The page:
Meibomian gland dysfunction and ocular discomfort in video display terminal workers

Eye (Lond). 2008 Jan;22(1):91-5. doi: 10.1038/sj.eye.6703025. Epub 2007 Oct 26.


Purpose: Meibomian gland dysfunction (MGD) is one of the most common ocular disorders encountered in clinical practice. The clinical manifestations of MGD are related to the changes in the tear film and ocular surface with symptoms of ocular discomfort. In recent years, many surveys have evaluated symptoms associated with the use of Video Display Terminals (VDT), and VDT use is recognized as a risk factor for eye discomfort. The aim of the present study was to determine if the presence of MGD contributes to the signs and symptoms of ocular discomfort during the use of VDT.

Methods: In course of a routine health surveillance programme, a group of 70 subjects fulfilled the inclusion criteria and responded to a questionnaire about symptoms of ocular discomfort. The following ocular tests were performed: tear break-up time, fluorescein corneal stain, and basal tear secretion test.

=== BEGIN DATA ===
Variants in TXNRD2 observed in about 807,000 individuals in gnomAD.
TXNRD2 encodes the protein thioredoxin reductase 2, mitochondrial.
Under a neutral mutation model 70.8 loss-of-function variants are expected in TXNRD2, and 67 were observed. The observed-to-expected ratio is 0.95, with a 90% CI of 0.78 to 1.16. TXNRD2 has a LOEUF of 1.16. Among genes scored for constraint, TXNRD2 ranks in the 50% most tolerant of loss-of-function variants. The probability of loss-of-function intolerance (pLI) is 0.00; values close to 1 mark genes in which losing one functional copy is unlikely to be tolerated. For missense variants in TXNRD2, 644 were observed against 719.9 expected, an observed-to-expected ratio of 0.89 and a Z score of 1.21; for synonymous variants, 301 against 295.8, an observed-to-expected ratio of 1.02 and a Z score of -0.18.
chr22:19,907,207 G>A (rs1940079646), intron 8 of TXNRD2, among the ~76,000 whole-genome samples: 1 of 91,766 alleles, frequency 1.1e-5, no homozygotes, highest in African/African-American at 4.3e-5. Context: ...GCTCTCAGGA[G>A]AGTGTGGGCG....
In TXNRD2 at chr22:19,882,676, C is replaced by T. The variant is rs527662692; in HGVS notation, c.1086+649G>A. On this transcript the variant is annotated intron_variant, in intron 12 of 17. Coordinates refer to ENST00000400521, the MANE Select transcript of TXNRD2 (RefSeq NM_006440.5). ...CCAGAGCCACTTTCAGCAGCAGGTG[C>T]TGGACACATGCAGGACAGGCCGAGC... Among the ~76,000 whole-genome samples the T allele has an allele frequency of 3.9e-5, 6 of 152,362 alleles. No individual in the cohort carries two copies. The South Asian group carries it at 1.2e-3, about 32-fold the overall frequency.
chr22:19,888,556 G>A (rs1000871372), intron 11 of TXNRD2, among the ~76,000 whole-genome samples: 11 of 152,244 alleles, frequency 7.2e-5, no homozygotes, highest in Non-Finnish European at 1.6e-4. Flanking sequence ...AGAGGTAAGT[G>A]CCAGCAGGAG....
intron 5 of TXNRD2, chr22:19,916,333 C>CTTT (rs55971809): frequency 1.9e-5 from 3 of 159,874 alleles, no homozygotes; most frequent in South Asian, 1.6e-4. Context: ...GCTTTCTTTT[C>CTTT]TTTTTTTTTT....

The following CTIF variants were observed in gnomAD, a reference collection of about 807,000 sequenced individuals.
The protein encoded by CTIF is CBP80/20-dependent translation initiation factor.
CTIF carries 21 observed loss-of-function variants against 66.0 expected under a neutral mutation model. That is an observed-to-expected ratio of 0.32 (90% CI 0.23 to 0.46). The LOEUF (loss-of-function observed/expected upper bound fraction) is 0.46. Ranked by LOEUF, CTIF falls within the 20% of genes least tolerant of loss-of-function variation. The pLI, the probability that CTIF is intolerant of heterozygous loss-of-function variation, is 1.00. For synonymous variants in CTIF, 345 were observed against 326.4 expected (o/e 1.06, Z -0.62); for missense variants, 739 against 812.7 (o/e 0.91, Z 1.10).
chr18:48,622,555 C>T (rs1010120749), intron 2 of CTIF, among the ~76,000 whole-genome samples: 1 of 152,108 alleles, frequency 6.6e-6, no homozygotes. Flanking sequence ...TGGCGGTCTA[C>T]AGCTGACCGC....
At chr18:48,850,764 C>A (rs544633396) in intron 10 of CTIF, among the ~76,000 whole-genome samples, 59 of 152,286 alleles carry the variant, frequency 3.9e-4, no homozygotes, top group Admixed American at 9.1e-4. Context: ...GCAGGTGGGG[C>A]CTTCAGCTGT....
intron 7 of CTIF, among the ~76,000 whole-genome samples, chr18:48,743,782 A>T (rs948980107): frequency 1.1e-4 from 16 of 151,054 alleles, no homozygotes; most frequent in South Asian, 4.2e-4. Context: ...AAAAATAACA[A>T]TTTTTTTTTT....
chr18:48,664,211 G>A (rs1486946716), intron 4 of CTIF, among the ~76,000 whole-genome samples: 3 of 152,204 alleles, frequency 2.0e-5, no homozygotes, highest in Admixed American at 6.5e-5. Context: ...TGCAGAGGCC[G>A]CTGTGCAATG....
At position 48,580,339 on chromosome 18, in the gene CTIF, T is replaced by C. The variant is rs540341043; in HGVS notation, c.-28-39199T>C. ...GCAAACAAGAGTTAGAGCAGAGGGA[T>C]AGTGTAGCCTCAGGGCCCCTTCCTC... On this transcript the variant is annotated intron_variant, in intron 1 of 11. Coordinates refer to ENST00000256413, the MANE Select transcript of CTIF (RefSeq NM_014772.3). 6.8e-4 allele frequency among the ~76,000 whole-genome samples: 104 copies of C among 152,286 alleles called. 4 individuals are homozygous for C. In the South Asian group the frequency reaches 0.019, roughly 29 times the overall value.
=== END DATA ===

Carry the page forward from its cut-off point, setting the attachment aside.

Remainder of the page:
Results: A total of 52 subjects out of 70 (74.3%) had MGD. A statistically significant correlation between the symptoms of ocular discomfort and hours spent on VDT work was observed in the total population (r=0.358; P=0.002; 95% CI 0.13-0.54) and in the group of subjects with MGD (r=0.365; P=0.009; 95% CI 0.103-0.58). Such correlation was not shown in subjects without MGD.

Conclusions: The high prevalence of MGD among the subjects with symptoms of ocular discomfort suggests that this diagnosis should be considered when occupational health practitioners encounter ocular complaints among VDT operators. It appears that MGD can contribute to the development of ocular discomfort in VDT operators.

MeSH terms

  • Adult
  • Computer Terminals*
  • Conjunctiva / physiopathology
  • Cornea / physiopathology
  • Corneal Topography
  • Eye Diseases / etiology*
  • Eyelids / physiopathology
  • Female
  • Humans
  • Male
  • Meibomian Glands / physiopathology*
  • Middle Aged
  • Occupational Diseases / etiology*
  • Tears / metabolism*